2) Next, use a template to make writing your emails quick and easy. I send close to 50 personalised emails a day, all from my account. But they’re not all written by hand. I have a template and a set of emails that work for my audience.
For example, if they’re a lead or an email address on my list, I’ll think about how they first contacted me. If it was through a worksheet for social media profiles, I’ll send them something related to that worksheet.
Here’s a template I use that you can take away with you. Score!
If you really want to get this done now, you could always just download my “next piece” email series template and just fill in the blanks. Access the email templates here.
You Need To Start Regular Emails Even If Your List Is 4 People
I prefer thinking of email marketing as just talking to a few people. I manage two lists, one of around 25000 people and another around 400. Both have similar engagement rates and both are profitable.
However, I can only manage the larger list because I started on a list of 4 people. 2 of them were customers, 1 was a colleague and another was a lead.
I made sure that I could reliably email those 4 people every week with something useful. Can I send them something that will help their business each week? If I can’t do that for 4 people, why would I do it for 400? Or 4000?
The funny thing is that you make mistakes when you start out (hell, I still make mistakes now). So I’d rather practice and learn while I’m growing my list, rather than getting it wrong on a larger list.
Finally, both of those numbers might seem huge to you. Or they might seem small. When you’re growing your list and database, each step feels like a milestone.
Don’t be put off by the size of your list now. What you’re doing is creating habits that will pay off in spades when you do have a larger list.
The Two Types Of Emails You’ll Send (That Are Super Easy)
Remember when I said people over-complicate it? Here’s how to combat the complicated emails. Below is my entire $000’s marketing plan.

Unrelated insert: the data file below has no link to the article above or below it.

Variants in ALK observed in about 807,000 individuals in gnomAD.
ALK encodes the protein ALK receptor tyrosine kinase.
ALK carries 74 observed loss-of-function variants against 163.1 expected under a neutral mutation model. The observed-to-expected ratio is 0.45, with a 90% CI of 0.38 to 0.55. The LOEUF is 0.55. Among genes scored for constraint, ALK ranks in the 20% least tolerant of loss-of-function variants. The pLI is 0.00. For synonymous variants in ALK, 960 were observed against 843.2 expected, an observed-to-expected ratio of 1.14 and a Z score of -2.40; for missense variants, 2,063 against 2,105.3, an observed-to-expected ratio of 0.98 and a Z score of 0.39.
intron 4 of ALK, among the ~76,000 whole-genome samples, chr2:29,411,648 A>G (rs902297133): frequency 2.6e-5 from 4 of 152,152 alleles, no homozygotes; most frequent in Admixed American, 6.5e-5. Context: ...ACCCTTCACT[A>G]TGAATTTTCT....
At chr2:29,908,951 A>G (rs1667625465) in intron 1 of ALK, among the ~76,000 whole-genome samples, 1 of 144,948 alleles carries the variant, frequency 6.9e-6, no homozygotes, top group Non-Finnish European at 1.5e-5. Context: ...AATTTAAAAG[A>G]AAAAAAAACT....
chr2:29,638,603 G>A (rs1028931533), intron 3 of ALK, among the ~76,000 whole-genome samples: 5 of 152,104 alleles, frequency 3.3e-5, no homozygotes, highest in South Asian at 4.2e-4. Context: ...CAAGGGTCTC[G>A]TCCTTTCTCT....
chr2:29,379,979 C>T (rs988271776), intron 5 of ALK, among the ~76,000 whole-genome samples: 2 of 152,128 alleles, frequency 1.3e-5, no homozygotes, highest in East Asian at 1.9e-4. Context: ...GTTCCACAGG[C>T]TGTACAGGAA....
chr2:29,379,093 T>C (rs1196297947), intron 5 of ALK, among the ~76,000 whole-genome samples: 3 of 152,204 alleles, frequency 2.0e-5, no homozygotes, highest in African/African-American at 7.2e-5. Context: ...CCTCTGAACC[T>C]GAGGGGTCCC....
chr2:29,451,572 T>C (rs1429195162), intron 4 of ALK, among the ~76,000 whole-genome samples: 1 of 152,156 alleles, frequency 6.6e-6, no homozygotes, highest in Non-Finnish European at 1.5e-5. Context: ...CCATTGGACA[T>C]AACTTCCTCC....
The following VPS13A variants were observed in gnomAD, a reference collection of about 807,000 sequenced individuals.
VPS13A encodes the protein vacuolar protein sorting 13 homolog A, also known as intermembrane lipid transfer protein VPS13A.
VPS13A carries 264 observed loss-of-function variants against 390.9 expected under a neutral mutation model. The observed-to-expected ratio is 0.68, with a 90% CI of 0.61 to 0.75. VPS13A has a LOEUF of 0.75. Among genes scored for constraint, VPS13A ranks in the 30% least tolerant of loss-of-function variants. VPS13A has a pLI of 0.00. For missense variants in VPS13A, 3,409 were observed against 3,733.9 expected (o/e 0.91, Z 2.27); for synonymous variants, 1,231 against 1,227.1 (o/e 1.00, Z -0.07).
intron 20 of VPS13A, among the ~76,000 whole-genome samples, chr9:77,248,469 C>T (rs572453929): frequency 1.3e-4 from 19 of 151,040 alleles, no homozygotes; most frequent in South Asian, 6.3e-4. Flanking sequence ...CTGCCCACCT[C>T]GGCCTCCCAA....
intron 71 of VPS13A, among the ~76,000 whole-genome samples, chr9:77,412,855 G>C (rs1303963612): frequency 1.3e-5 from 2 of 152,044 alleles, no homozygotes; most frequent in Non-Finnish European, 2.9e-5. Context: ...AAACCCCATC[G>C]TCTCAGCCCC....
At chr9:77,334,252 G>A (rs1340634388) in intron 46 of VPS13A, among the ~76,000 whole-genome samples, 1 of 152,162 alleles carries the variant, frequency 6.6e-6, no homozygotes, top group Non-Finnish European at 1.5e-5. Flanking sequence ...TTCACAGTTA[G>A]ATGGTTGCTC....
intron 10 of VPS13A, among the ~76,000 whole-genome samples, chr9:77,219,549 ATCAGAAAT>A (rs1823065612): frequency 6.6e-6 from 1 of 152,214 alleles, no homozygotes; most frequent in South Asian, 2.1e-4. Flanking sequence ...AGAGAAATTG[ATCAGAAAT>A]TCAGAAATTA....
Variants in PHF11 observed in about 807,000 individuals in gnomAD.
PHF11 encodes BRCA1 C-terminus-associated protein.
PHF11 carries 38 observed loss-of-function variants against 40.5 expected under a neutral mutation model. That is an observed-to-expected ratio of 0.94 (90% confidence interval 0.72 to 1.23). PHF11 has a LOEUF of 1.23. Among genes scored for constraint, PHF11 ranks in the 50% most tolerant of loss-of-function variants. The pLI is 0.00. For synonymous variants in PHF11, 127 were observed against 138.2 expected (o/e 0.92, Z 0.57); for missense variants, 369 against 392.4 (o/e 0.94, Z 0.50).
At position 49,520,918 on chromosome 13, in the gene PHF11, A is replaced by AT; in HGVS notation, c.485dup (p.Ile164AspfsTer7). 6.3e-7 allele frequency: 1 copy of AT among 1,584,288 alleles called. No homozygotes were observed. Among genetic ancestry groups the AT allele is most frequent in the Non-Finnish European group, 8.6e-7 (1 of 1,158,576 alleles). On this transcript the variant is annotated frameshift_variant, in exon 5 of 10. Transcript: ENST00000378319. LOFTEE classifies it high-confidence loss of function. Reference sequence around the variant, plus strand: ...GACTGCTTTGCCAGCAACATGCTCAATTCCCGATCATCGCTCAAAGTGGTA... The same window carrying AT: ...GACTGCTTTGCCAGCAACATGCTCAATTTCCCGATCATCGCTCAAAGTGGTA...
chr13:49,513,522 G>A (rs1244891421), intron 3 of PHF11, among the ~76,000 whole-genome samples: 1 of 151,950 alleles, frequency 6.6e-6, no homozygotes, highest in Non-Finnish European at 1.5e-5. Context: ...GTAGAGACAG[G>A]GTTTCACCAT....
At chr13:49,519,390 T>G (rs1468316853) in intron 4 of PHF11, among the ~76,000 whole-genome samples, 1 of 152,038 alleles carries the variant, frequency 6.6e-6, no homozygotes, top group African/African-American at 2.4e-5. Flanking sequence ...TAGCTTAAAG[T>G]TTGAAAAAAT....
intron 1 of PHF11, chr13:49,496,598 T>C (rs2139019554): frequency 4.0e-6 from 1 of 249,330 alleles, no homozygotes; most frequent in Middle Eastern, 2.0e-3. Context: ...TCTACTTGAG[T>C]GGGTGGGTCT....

1. Automation emails.
2. Newsletter emails
This is my email marketing strategy. Two types of emails.
First, automation emails are emails sent to people who trigger certain actions.
For example, when someone signs up to one of my downloads or courses, I’ll send them around 10 emails over a period of weeks.
I send more content, related posts and product sales letters. These are written way in advance and sit in my email automation program (I use MailChimp). This way, I KNOW that people who sign up will get related, relevant content every few days for the first few weeks.
Next, my newsletters are crazy simple. I take my latest blog post and send that to my list. Simple as that. I might have an image in the email, but most times not. I write a decent subject line and write a brief introduction to the post. Then I make sure I have a couple of call to action buttons linking to that post.
Occasionally, if I haven’t got a new post or I’m not that keen on what I’ve published, I’ll find a post from another source that I love. Something that's going to help my customers.
If you’re serious about helping your customers, think outside of what you’d usually send them. Don’t just send WordPress news or SEO articles. What about money management? Project management tools? Think about your audience and what you could help them with.
So now you can walk away from this post with confidence to email someone immediately. Remember you can download my emails templates here if you want to write an email super fast. Access the email templates here.
We love the idea of starting emailing as soon as you can. Building the habit of a simple newsletter that gets sent out. Often I hear, “Yeah but I don’t want people to unsubscribe!”. In fact, you do as it tells you – that you need to change your message, and it clears up your database.
If you want more leads for your WordPress business in general; rather, if you’re serious about growing the quality of the leads you generate for your business, you need to read our post on finding better clients for your WordPress business.